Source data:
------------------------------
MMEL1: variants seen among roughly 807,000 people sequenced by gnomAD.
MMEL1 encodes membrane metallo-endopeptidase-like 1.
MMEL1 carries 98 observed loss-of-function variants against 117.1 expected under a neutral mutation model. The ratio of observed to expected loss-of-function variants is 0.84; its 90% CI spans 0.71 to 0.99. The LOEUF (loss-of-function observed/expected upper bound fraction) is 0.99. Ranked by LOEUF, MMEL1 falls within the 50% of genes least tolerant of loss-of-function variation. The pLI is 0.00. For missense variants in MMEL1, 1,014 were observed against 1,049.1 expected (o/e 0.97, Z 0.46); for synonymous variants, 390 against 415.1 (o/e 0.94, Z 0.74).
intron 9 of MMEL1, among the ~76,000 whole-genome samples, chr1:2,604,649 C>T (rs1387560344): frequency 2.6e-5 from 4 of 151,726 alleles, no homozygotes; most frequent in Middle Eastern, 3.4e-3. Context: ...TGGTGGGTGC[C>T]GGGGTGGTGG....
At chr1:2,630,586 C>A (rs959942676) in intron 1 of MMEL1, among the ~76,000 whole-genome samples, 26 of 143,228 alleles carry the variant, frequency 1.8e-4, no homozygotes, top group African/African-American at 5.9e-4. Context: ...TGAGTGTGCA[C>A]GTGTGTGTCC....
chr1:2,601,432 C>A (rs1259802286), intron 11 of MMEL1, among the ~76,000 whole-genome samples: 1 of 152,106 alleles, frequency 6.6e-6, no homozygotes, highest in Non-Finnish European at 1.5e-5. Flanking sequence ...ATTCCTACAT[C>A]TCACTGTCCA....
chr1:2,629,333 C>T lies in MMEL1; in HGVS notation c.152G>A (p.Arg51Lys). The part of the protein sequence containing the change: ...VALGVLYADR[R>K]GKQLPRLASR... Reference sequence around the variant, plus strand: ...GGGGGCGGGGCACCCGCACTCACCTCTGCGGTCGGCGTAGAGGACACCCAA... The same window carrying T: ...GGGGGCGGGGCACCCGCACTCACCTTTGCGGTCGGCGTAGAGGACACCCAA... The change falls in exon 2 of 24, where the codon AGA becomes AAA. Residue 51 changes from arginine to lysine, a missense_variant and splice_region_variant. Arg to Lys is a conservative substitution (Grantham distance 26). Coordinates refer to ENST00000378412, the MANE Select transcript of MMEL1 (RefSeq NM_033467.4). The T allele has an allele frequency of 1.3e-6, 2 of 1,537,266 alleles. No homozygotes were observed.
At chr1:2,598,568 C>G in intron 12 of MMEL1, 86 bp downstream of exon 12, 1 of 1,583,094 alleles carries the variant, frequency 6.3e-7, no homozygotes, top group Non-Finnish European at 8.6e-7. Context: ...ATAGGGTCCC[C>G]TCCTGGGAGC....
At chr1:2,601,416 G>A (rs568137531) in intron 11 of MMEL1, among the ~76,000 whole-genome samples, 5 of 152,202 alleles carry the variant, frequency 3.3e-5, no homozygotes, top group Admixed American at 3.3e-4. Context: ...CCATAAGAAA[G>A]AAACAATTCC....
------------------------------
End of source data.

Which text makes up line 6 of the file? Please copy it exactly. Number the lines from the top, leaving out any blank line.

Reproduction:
chr1:2,601,432 C>A (rs1259802286), intron 11 of MMEL1, among the ~76,000 whole-genome samples: 1 of 152,106 alleles, frequency 6.6e-6, no homozygotes, highest in Non-Finnish European at 1.5e-5. Flanking sequence ...ATTCCTACAT[C>A]TCACTGTCCA....